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'Human error' caused Chapecoense plane crash - probe

Colombian investigators have confirmed that the private jet, which crashed last month with a Brazilian football team onboard, ran out of fuel. Seventy-one people were killed when the plane slammed into the Andes.

Describing errors by the pilot, airline and regulators in Bolivia, where the plane originated, investigators in Colombia confirmed that an empty fuel tank caused the plane to crash just outside Medellin on November 28.

The BAE 146 aircraft had been transporting the Chapecoense soccer team to the biggest game in its history, the final of the Copa Sudamericana, when it crashed into nearby mountains.

Besides a lack of fuel, the plane was over its weight limit by nearly 400 kilograms (881 lbs) and was not certified to fly at the altitude at which the journey took place, investigators said.

Several errors highlighted

"Conditions for the flight presented in the flight plan ... were unacceptable," Colombia's Secretary for Air Safety Colonel Freddy Bonilla told journalists.

"No technical factor was part of the accident, everything involved human error, added to a management factor in the company's administration and the management and organization of the flight plans by the authorities in Bolivia," he added.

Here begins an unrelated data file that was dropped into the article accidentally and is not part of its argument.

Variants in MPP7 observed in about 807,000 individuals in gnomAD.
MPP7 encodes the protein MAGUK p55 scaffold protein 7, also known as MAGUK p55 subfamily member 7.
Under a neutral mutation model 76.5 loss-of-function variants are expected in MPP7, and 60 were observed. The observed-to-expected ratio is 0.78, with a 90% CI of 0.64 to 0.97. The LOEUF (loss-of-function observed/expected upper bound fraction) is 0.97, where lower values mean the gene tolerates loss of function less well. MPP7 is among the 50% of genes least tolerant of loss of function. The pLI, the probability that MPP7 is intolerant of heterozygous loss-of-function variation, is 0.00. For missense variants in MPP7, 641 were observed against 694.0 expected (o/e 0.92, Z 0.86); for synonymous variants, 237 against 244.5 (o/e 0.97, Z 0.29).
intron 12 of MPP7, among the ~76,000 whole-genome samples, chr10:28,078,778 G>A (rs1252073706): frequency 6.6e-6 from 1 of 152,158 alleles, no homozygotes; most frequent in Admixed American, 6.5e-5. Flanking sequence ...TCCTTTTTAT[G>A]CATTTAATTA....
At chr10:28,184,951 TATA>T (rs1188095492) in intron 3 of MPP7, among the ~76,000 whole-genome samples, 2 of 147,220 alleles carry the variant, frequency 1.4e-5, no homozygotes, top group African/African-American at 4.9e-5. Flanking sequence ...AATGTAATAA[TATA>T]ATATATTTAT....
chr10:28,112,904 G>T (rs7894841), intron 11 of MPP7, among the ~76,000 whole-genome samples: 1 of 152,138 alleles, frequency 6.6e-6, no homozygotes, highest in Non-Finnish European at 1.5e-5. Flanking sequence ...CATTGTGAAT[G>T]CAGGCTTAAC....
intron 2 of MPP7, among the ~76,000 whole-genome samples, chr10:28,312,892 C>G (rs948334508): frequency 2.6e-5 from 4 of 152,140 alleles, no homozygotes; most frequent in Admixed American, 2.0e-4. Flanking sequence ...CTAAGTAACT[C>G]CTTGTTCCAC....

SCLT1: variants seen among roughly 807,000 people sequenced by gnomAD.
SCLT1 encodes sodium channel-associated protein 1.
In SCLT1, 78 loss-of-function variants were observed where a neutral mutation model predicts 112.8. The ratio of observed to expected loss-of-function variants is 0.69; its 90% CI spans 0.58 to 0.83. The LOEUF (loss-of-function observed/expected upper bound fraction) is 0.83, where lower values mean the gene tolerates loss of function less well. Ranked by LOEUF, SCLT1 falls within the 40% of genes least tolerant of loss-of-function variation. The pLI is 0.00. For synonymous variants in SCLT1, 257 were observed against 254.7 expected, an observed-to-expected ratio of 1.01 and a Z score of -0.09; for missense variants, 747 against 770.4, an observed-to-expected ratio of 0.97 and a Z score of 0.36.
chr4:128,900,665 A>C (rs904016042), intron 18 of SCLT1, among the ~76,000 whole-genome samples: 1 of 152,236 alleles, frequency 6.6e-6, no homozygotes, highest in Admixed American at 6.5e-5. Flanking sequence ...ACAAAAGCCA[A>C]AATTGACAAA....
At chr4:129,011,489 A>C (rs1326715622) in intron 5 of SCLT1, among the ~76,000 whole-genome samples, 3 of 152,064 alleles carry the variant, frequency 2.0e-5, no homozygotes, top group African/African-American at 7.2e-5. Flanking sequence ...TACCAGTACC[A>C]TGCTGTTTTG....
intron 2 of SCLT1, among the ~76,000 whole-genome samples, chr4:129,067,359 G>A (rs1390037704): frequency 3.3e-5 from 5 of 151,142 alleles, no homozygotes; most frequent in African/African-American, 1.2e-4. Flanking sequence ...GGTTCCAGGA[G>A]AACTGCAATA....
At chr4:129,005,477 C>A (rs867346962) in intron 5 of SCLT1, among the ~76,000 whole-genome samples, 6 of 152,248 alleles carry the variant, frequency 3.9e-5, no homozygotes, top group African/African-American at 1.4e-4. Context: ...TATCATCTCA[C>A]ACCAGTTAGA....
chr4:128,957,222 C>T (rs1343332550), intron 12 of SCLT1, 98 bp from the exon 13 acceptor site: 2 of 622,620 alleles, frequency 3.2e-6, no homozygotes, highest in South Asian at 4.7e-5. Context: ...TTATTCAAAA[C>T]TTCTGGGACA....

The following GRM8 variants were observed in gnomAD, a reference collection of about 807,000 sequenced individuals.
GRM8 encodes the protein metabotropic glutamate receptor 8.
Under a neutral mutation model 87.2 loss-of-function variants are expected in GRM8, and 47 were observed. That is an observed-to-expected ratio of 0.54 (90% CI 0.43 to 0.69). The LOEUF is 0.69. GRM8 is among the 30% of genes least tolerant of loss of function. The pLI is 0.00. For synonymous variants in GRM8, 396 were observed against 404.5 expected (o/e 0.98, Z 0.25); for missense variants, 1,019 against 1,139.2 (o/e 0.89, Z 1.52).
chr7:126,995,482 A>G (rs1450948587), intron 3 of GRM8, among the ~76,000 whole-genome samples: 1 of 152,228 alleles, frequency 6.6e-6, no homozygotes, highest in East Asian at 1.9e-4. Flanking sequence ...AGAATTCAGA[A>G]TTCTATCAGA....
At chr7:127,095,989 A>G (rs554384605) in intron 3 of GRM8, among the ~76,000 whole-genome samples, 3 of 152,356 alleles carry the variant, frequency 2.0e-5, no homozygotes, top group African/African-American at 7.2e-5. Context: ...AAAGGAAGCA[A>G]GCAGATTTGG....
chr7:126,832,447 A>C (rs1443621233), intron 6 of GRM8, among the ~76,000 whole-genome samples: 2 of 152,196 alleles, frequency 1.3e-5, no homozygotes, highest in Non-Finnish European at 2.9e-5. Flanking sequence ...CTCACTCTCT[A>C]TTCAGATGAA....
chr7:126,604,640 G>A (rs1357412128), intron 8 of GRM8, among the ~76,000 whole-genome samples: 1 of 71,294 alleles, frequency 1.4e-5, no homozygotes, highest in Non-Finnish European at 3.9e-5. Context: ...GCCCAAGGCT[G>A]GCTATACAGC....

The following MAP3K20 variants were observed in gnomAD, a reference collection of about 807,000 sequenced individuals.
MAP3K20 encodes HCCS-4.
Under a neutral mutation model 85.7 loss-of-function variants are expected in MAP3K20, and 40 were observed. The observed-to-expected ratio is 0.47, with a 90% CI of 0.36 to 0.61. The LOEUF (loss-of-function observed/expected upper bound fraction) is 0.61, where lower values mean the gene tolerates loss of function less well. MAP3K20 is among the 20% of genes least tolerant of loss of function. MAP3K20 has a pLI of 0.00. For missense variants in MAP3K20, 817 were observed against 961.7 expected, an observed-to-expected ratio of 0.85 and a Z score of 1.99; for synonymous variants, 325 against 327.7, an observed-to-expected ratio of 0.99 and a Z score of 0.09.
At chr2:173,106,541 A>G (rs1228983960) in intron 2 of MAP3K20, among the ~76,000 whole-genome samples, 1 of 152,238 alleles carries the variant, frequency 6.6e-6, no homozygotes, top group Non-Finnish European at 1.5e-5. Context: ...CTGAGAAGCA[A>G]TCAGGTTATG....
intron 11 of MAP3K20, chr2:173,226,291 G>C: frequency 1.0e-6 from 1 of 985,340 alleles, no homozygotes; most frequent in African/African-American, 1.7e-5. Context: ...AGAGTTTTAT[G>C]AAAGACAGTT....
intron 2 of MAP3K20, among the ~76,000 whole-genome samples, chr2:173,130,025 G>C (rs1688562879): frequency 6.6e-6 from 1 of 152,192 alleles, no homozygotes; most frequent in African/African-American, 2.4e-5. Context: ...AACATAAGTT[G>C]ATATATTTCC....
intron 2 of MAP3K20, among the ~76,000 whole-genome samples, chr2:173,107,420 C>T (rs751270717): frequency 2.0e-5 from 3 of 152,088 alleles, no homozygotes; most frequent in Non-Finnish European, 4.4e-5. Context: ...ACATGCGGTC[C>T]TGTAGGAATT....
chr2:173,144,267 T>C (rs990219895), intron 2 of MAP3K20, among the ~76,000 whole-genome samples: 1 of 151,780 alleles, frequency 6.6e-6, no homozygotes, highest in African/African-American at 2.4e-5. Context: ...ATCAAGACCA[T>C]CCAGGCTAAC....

The preliminary findings by Colombian authorities backed up similar assertions by Bolivia last week that blamed the charter airline LaMia and the plane's pilot for the accident.

Bonilla added that the pilots "were aware of the fuel limitations they had at the time," but they failed to alert air traffic control until several minutes before the crash.

Kolumbien Fan des Fußballvereins Chapecoense trauert nach dem Flugzeugabsturz am Stadion

Several Chapecoense players were onboard the doomed jet

Eight minute warning

The pilots requested priority to land at 9.49 pm local time (02:49 UTC) because of a fuel problem, according to flight data. They then began their descent before receiving authorization. At 9.53 pm, one of their engines stopped, followed by three others just a few minutes later.

The plane declared an emergency at 9:57 pm because of a "total electrical failure," then disappeared from the radar.

At 9:58 pm, the plane slammed into the Cerro Gordo mountain at a speed of 115 knots (around 130 miles per hour), but there was no explosion upon impact, pointing to a scarcity of fuel.

The BAE 146 Avro RJ85 has a maximum range was 2,965 kilometers (1,600 nautical miles) - just under the distance between Medellin and Santa Cruz, Bolivia, where the plane had taken off.

All but three Chapecoense players and staff onboard were killed. Two crew members and one reporter also survived.

Watch video 00:56

Chapecoense football team survivor returns to Brazil

mm/kl (AFP, AP, Reuters)

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